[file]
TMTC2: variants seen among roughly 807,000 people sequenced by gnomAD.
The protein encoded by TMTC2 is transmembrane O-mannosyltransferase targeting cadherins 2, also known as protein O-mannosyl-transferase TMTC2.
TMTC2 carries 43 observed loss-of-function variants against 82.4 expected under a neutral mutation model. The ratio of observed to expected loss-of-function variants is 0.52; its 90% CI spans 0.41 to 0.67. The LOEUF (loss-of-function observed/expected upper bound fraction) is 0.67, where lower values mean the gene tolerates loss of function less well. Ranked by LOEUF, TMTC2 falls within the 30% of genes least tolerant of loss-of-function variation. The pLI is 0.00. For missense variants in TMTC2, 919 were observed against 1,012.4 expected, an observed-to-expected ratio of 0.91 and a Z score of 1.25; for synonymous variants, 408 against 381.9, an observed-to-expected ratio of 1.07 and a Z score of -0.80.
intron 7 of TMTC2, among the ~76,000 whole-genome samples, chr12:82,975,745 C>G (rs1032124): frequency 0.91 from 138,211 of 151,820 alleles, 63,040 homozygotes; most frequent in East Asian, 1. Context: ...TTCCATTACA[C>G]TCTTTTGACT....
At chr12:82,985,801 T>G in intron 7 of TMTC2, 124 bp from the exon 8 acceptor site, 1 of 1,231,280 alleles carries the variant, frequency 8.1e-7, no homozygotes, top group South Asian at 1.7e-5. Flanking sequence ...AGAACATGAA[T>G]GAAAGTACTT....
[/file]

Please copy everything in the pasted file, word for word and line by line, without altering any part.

TMTC2: variants seen among roughly 807,000 people sequenced by gnomAD.
The protein encoded by TMTC2 is transmembrane O-mannosyltransferase targeting cadherins 2, also known as protein O-mannosyl-transferase TMTC2.
TMTC2 carries 43 observed loss-of-function variants against 82.4 expected under a neutral mutation model. The ratio of observed to expected loss-of-function variants is 0.52; its 90% CI spans 0.41 to 0.67. The LOEUF (loss-of-function observed/expected upper bound fraction) is 0.67, where lower values mean the gene tolerates loss of function less well. Ranked by LOEUF, TMTC2 falls within the 30% of genes least tolerant of loss-of-function variation. The pLI is 0.00. For missense variants in TMTC2, 919 were observed against 1,012.4 expected, an observed-to-expected ratio of 0.91 and a Z score of 1.25; for synonymous variants, 408 against 381.9, an observed-to-expected ratio of 1.07 and a Z score of -0.80.
intron 7 of TMTC2, among the ~76,000 whole-genome samples, chr12:82,975,745 C>G (rs1032124): frequency 0.91 from 138,211 of 151,820 alleles, 63,040 homozygotes; most frequent in East Asian, 1. Context: ...TTCCATTACA[C>G]TCTTTTGACT....
At chr12:82,985,801 T>G in intron 7 of TMTC2, 124 bp from the exon 8 acceptor site, 1 of 1,231,280 alleles carries the variant, frequency 8.1e-7, no homozygotes, top group South Asian at 1.7e-5. Flanking sequence ...AGAACATGAA[T>G]GAAAGTACTT....